Spanky Stephens the Longhorn trainer from 1967- 1999 and a Hall of Honor inductee
The banner photo above was taken in 1994 when Spanky was inducted into the Southwest Athletic Trainers Association Hall of Fame. It is a significant photo because there are no other photos I know of that capture all 4 head coaches at one event. Spanky says“ All were great men in their own way”. “ Texas Longhorn Coaches, players, Athletic Trainers, and staff members were blessed to either play or work for them”. “These 4 coaches set standards of winning that UT is still trying to restore”. All Longhorns should be proud of our heritage and the difficult path we have overcome, and we should expect those playing sports now to do the same. It is an honor and privilege to wear the Burnt Orange and White”. Hook’em” Spanky Stephens
Here is part of Spanky’s published career Bio.
SPANKY STEPHENS (Athletics Trainer 1970-1999)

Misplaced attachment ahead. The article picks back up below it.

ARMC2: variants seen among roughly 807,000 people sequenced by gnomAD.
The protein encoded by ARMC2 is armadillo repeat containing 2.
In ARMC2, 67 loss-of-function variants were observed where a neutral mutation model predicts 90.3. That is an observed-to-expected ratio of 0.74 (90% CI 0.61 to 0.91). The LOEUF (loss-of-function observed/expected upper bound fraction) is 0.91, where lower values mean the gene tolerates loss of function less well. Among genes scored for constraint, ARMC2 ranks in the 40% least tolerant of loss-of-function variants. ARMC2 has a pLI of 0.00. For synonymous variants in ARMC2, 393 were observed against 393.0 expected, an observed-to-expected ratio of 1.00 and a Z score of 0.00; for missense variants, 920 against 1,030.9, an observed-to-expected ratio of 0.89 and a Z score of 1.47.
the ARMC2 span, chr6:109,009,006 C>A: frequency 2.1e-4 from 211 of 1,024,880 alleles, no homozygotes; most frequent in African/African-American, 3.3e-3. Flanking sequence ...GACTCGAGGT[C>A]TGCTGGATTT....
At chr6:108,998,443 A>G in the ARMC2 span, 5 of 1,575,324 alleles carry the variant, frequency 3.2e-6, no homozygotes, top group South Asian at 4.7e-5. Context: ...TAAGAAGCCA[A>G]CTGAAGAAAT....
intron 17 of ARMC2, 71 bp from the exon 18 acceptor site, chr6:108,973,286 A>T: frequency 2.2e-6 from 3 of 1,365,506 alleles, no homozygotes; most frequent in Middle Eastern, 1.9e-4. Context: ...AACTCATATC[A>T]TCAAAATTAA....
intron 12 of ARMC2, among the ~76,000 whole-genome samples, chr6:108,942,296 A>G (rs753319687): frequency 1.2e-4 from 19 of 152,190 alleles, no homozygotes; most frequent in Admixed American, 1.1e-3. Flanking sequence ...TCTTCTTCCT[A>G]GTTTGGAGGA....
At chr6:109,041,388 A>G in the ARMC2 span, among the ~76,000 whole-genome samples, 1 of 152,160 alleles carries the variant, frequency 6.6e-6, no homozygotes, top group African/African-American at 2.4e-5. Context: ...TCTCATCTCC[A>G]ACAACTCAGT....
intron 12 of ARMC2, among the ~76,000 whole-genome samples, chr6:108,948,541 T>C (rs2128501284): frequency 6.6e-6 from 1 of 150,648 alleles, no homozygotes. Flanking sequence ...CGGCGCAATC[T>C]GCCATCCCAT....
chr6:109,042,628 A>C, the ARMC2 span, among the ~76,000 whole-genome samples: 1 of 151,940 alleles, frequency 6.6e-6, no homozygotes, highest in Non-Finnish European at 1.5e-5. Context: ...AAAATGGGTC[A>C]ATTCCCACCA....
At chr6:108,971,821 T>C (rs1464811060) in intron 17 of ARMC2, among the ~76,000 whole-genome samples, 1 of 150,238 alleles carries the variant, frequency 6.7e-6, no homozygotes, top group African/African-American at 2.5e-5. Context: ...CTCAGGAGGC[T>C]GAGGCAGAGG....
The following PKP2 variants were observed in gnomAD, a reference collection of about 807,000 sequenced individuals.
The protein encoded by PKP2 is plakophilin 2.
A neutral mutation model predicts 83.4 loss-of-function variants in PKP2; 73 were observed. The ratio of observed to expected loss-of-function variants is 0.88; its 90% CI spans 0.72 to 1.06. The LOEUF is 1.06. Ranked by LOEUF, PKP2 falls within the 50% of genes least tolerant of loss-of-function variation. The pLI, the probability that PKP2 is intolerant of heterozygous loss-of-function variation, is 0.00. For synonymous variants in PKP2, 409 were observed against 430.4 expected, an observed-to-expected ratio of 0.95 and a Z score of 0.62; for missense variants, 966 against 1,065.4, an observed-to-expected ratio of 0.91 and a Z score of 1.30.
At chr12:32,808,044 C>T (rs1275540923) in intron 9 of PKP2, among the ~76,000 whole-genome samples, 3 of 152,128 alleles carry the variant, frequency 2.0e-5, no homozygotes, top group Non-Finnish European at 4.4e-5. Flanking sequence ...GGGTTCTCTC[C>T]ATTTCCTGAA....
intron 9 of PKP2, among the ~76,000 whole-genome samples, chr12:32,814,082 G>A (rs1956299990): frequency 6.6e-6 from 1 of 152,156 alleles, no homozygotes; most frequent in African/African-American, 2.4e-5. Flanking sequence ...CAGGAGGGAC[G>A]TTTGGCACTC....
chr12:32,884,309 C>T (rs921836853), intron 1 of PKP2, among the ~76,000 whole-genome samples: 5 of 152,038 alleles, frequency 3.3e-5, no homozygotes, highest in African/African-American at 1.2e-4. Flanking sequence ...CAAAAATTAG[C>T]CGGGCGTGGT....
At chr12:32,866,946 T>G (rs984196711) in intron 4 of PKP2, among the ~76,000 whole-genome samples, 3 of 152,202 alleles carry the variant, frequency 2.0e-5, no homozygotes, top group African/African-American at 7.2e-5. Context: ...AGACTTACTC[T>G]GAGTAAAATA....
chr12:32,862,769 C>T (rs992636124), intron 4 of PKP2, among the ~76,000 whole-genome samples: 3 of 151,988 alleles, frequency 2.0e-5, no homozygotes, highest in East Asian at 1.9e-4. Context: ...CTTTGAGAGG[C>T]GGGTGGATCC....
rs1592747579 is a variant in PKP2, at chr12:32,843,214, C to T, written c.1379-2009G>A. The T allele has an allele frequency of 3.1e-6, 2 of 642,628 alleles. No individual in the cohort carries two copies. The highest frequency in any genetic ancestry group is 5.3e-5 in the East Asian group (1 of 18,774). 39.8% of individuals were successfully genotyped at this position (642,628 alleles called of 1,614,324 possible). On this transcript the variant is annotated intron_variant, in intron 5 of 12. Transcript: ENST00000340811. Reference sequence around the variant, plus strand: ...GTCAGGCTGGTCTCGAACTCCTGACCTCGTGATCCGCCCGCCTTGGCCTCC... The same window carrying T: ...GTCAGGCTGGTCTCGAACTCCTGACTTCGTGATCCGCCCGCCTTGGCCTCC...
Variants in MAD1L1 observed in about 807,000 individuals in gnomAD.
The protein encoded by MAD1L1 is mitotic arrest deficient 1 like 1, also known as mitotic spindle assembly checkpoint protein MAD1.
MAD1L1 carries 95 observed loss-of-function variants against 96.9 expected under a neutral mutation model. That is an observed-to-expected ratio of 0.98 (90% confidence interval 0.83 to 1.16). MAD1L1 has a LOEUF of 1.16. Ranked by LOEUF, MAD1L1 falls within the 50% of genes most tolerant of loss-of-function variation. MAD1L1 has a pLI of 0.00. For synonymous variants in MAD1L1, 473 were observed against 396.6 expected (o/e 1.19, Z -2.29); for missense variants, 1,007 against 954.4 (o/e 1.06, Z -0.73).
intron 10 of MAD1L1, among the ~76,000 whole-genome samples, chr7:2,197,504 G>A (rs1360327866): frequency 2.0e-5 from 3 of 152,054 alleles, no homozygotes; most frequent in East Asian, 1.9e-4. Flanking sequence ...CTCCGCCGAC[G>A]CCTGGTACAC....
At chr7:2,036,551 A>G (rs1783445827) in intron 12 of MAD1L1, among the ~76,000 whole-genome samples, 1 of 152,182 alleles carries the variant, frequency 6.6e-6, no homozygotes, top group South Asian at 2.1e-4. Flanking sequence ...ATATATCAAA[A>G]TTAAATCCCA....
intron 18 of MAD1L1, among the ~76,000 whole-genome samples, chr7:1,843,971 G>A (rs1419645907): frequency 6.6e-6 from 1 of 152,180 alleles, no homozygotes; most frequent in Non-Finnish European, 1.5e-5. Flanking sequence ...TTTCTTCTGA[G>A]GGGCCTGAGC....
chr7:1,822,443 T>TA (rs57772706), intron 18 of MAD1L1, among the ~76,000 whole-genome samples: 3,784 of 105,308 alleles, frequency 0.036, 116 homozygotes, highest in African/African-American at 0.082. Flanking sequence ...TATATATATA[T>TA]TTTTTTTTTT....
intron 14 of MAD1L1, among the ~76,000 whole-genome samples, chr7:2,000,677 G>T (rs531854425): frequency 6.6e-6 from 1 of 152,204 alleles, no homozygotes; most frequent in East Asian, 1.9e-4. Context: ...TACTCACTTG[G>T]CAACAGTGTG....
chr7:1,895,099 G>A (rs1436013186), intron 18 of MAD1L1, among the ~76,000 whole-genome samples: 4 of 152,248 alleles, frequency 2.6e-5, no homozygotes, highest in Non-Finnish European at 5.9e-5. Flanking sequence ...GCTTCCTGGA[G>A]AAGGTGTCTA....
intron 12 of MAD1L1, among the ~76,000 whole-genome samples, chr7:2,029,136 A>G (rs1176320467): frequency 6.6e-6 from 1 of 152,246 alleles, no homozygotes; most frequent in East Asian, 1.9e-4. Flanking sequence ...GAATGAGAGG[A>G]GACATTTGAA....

Associated with University of Texas athletic teams for over 30 years, Stephens began his career as a student trainer in 1967. In 1970 he assumed full-time duties as assistant to then-head trainer Frank Medina. After Medina suffered a stroke in 1978, Stephens took over duties of head trainer and continued in that role until he retired in January 2000. While at Texas, he supervised or worked directly with all sports, working with hundreds of athletes, five head football coaches, five head basketball coaches and other sports coaches. He worked with nine Longhorn teams that won national championships and was responsible for a strong student program that sent numerous qualified trainers into high school and college positions. Stephens has received numerous national and regional honors, including being selected to the All-American Football Foundation Hall of Honor, the Southwest Athletic Trainers Association Hall of Fame and induction into the 2002 Bellville High School Hall of Fame.
Spanky says “ for 33 years I worked for the finest university in the world” “ I know where my heart is, and I know I bleed Burnt Orange”. As trainer Spanky saw thousands of games in football, basketball, and baseball. He attended 33 Texas Relays and numerous College World Series . In fact, In 1975 Omaha's Mayor made Coach Gus, Bethea, and Spanky honorary citizens of Omaha. He was there during some of the greatest years for the Longhorns in track, football, baseball ,and tennis Including the best college Tennis Tournament with the best 64 tennis players, and hosting the USA-Russian Track meet